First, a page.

Yawnapalooza: Lolla’s underwhelming line-up


Since most of the Poor Scholars staff calls Chicago home, Lollapalooza is usually kind of a big deal. With the announcement of the lineup for this year’s three-day music festival in Grant Park, Poor Scholars staffer and grizzled Lollapalooza veteran Scott Phillips shared some thoughts on this year’s lineup.

My question to Lollapalooza is:

“What the hell are you supposed to be now?”

We know Perry Farrell created Lollapalooza as an alternative music festival at heart, (and Jane’s Addiction’s original “farewell tour.” Jane’s Addiction farewell tours are similar to Roger Clemons comebacks: They happen every few years, surprise nobody, are done for monetary and subtle pride reasons, and they’re usually surprisingly more effective than you think.) but why the unexpected change back to the original roots? The top 11 acts on the Lolla poster this year are, generally speaking, white males with rock influences (or folksy, but you get the point).

If you look at the last few years of Lollapalooza, headlining spots on main stages have been occupied by non-alternative (or rock-minded, at least) acts. Kanye paved the way for rappers in 2006 and Daft Punk for electronic acts in 2007 and since then other non-rock acts like Lady Gaga have also headlined Lollapalooza on a main stage.

Lollapalooza always had elements of hip-hop and other entertainment, dating back to Ice-T (and his “rock band” Body Count, but still, it’s fucking Ice-T) at the originial Lollapalooza in 1991, but the headling acts were generally white rock dudes from ’91 to ’05.

So what changed?

The times and the money, of course. Music festivals became huge business and since 1991 hip-hop and electronic music have become big business in their own right. Lollapalooza was always near the forefront of innovation for touring festivals and then stationary music festivals, so it was only natural for the festival to evolve and include previously backseated or disregarded genres more over time.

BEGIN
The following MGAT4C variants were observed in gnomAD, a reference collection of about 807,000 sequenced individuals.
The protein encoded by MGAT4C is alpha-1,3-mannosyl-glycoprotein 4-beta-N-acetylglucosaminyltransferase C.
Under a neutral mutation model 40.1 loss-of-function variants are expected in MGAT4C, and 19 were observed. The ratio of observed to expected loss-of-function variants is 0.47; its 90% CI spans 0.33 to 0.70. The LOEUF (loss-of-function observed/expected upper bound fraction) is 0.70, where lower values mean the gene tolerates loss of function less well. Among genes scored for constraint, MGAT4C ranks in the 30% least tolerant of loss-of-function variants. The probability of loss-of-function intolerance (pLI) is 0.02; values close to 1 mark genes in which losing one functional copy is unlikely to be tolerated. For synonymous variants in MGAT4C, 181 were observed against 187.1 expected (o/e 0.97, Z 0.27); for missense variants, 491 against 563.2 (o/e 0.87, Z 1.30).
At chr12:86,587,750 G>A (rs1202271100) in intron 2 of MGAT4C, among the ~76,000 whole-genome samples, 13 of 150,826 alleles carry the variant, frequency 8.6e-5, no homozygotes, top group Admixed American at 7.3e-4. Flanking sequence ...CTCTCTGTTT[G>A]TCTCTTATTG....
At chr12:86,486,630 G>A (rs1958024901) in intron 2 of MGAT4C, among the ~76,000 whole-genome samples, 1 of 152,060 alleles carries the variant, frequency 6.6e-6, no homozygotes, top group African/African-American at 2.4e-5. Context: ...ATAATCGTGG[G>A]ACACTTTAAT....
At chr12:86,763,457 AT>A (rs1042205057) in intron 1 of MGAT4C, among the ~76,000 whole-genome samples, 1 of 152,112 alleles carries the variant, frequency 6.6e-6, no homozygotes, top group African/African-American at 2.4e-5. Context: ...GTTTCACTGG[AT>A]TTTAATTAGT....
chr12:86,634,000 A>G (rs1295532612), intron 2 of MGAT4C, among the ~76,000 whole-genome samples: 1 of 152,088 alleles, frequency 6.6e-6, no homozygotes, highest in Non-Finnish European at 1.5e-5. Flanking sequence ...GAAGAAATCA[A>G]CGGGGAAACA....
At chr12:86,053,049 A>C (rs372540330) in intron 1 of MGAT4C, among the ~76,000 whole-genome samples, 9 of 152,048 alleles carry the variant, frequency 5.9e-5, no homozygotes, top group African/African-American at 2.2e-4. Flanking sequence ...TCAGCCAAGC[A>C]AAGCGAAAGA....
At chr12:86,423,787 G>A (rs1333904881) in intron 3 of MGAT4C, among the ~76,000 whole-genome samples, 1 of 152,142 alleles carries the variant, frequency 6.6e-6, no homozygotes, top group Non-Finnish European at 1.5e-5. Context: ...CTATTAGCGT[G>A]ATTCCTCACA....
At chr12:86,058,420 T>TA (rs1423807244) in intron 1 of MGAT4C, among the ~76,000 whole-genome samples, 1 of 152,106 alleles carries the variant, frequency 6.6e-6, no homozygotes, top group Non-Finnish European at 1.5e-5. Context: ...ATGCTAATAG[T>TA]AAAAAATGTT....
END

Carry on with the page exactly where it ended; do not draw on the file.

But the lineup this year just leaves me baffled. I mentioned the top 11 of mostly white rock dudes, the first time since 2006 that’s been the main and total theme, but after that hip-hop and EDM acts are noticably down this year at Lollapalooza.

Kendrick Lamar is obviously a very appealing leading rapper, but Jay-Z was a rumored headliner, so this is a bit of a letdown. Then the rest of the hip-hop lineup includes one of three worst concert sets I’ve previously ever seen (2 Chainz) and mostly underground rappers like Azealia Banks and Theophilus London. I’m cool with those artists, but the scale for the hip-hop scene is much smaller this year compared to year’s past.

The EDM change is confusing too. EDM festivals — particularly in Chicago — are exploding, and Lollapalooza adapted to this change in the musical landscape by taking a tent (Perry’s Tent) and making it an actual stage (Perry’s Stage). Last year in the inaugural year of Perry’s Stage, Lolla had the acts to make its debut an exciting place to be. Avicii, the biggest EDM act at Lolla last year, was also headlining on the main stage a night after Black Sabbath’s reunion.

So this year Lolla comes back with Steve Angello, Knife Party and Steve Aoki? Again, good acts, but Chicago saw those three at North Coast Musical Festival LAST LABOR DAY! So Lolla expects people to want to see those three as the premiere three EDM acts on this year’s poster after they weren’t even the three premiere EDM acts at a (cheaper) mid-level musical festival in the same city last year?

That’s not a good look, Lolla.

Lolla’s electronic cupboard is probably bare because the brand-new Electronic Daisy Carnival Chicago and year two of the Solider Field-held Spring Awakening Music Festival, is just bleeding Lolla dry.

Then there’s the baffling inclusion of country star Eric Church.

No disrespect to Eric Church or his fans, but Lollapalooza is not for country music. Since when did Lolla include country music?

Again, baffled…

What the hell are you, Lolla?

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